Humans, orcs, mages, elves, and dwarves all jostle for success and survival in the cramped quarters of Yenara, while understaffed Watch Wardens struggle to keep its citizens in line.
Enter Rem: new to Yenara and hungover in the city dungeons with no money for bail. When offered a position with the Watch to compensate for his crimes, Rem jumps at the chance.
His new partner is less eager. Torval, a dwarf who’s handy with a maul and known for hitting first and asking questions later, is highly unimpressed with the untrained and weaponless Rem.
But when Torval’s former partner goes missing, the two must consort with the usual suspects — drug dealing orcs, mind-controlling elves, uncooperative mages, and humans being typical humans — to uncover the truth and catch a murderer loose in their fair city.
*Originally reviewed on Booknest*
First thing that came to mind when I read the synopsis was Will Smith’s new Netflix movie ‘Bright’.
“Humans, orcs, mages, elves, and dwarves all jostle for success and survival in the cramped quarters of Yenara, while understaffed Watch Wardens struggle to keep its citizens in line.”
Having read the book in it’s entirety, I still hold to that thought, except this isn’t present day LA and swords replace guns. I also have to say that, for an Orbit publication, the cover left a bit to be desired. Not that the cover doesn’t fit the story perfectly; just that it isn’t one that would fly off of the shelves IMO. Having said all that, this is a great start to what I expect to be a wonderful series.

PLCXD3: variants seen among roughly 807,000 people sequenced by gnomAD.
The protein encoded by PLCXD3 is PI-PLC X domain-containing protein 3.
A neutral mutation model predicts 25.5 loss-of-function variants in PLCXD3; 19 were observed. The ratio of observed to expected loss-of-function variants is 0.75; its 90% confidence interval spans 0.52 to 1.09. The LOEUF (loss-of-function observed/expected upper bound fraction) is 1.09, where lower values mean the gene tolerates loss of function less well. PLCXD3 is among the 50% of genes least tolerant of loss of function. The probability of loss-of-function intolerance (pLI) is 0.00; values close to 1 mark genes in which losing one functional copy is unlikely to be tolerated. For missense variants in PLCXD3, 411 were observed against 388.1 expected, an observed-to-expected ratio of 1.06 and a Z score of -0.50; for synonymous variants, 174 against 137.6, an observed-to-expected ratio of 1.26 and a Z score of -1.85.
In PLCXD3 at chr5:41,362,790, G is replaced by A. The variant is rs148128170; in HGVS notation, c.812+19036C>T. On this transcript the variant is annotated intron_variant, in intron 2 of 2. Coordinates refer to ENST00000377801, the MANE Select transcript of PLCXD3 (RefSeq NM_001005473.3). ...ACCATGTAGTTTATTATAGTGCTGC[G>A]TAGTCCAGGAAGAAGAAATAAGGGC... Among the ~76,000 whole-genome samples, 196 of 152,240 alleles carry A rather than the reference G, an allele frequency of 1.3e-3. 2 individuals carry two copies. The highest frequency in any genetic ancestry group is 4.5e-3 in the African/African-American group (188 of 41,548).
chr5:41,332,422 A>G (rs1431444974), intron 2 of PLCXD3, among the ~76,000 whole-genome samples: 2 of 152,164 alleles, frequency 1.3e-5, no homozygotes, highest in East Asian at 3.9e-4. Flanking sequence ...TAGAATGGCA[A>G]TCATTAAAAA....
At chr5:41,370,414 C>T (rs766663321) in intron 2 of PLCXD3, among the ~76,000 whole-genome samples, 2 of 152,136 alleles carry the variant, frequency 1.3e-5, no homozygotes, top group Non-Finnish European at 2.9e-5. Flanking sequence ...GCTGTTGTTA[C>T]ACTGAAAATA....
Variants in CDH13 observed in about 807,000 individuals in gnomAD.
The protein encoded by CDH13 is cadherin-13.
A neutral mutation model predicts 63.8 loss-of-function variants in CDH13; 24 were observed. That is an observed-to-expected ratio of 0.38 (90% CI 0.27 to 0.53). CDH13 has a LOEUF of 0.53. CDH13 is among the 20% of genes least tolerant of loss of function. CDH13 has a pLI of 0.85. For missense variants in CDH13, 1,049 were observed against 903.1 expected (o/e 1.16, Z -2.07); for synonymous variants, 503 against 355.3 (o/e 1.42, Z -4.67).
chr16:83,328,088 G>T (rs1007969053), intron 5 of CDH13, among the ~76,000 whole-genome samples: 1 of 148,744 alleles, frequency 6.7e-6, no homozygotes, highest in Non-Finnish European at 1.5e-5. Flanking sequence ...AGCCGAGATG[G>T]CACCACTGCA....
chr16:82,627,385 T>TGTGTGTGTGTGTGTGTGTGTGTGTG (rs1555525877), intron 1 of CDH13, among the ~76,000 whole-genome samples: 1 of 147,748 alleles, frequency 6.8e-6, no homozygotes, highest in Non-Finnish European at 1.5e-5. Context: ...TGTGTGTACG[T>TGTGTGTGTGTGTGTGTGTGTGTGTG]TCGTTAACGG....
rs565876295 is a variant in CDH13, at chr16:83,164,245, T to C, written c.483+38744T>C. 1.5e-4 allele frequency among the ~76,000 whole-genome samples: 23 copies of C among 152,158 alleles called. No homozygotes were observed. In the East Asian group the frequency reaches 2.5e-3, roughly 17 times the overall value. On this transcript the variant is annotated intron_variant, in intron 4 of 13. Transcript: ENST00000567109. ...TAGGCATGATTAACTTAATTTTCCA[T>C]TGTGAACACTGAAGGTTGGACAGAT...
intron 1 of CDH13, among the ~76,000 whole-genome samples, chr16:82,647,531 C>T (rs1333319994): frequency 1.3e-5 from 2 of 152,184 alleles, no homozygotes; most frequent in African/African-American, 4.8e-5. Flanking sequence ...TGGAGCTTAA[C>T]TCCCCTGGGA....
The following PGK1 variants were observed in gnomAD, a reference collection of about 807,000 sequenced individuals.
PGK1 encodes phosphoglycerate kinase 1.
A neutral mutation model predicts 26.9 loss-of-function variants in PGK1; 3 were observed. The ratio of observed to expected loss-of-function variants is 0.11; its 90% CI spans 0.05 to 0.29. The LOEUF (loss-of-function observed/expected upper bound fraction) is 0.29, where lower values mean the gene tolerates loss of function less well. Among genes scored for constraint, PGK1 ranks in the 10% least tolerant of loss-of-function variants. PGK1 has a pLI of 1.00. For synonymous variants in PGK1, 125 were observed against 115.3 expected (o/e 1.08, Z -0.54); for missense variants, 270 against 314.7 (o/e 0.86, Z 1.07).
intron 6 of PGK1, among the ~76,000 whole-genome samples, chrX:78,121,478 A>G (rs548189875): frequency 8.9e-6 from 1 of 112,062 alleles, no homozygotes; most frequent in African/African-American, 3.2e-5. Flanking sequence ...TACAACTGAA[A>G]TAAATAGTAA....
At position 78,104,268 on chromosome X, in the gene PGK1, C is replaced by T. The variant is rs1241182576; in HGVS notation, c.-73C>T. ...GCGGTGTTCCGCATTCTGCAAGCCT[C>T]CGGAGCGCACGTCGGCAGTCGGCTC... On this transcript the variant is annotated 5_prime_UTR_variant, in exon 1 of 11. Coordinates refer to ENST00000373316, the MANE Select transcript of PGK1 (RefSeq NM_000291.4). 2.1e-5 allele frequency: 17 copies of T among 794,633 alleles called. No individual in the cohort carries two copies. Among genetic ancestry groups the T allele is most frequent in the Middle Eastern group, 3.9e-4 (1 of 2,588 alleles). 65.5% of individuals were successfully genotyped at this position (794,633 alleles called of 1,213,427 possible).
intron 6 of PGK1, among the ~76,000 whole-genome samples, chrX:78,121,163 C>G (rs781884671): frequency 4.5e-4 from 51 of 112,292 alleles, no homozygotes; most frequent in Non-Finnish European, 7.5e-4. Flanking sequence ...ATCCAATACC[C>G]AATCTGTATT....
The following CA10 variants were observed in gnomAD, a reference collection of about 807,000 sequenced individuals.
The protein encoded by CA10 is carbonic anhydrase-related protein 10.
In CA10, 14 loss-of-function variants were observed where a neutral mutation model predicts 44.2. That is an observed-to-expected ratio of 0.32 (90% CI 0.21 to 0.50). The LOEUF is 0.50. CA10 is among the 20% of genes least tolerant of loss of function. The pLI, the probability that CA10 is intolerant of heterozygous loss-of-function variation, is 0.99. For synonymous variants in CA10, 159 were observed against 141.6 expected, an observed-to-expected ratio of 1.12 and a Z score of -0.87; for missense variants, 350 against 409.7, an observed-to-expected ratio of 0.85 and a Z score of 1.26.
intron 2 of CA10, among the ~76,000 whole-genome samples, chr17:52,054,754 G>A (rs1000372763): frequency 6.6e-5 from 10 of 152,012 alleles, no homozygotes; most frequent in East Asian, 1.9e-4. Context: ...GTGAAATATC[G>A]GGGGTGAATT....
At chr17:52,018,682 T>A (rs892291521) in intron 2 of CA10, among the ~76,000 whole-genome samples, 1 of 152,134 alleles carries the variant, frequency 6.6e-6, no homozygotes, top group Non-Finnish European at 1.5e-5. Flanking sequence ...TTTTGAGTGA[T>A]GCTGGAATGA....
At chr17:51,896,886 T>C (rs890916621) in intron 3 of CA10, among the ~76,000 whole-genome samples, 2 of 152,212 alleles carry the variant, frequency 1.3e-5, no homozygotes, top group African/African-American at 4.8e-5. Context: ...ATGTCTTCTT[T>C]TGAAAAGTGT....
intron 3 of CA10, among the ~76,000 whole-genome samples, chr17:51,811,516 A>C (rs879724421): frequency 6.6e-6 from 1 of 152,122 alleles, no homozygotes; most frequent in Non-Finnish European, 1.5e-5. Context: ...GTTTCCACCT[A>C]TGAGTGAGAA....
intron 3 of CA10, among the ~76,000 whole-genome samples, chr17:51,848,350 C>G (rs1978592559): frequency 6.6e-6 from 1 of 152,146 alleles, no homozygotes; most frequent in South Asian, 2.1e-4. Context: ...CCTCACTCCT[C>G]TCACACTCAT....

Rem, a young northerner who is new to the city of Yenara, wakes up in the dungeons to await whatever fate is to come. When an unforeseen opportunity arises to join the Watch, Rem realizes he has been given a second chance. When introduced to his new partner, Torval, Rem realizes he may have bitten off more than he can chew. You see, Torval is like Denzel Washington’s character, Alonzo, in the movie ‘Training Day’; he tends to put enforcement of the law above justice and public safety (and honestly, it comes off as a bit racist and unacceptable). Well, Torval’s former partner has gone missing and the two must put their heads together, and their prejudices aside, in order to uncover the truth that lies hidden in Yenara’s deepest, darkest pits.
To give you a picture, I think of Yenara sort of like King’s Landing from GoT. The Watch is sort of like a Kings Guard/Night’s Watch that patrol and serve the king’s justice wherever deemed necessary. The difference being that there are five (5) Wards in Yenara and justice can only be dispensed in the Ward you are assigned. Cross the line and expect your lashings. There is a magic system in place, but it isn’t a big focal point of the story except as a tool for healing. I’m sure this will be expanded in future books. The characters are also well drawn out and backstories are slowly explored, which gives the reader a sense of familiarity with the protagonists.
Lucas has written a fine book and Simon Vance killed the audio (per his norm). The only real issue I had was with world-building as there really wasn’t any. Just about everything takes place in Yenara and the only glimpses of other cities you receive are races from other parts of the world. I expect Lucas to expand the “universe” in the sequels and believe he will open up adventures in other Wards, but we will wait to see. I would also like to know a bit more about Torval as there has to be something hidden underneath all of the anger he holds so close to his heart.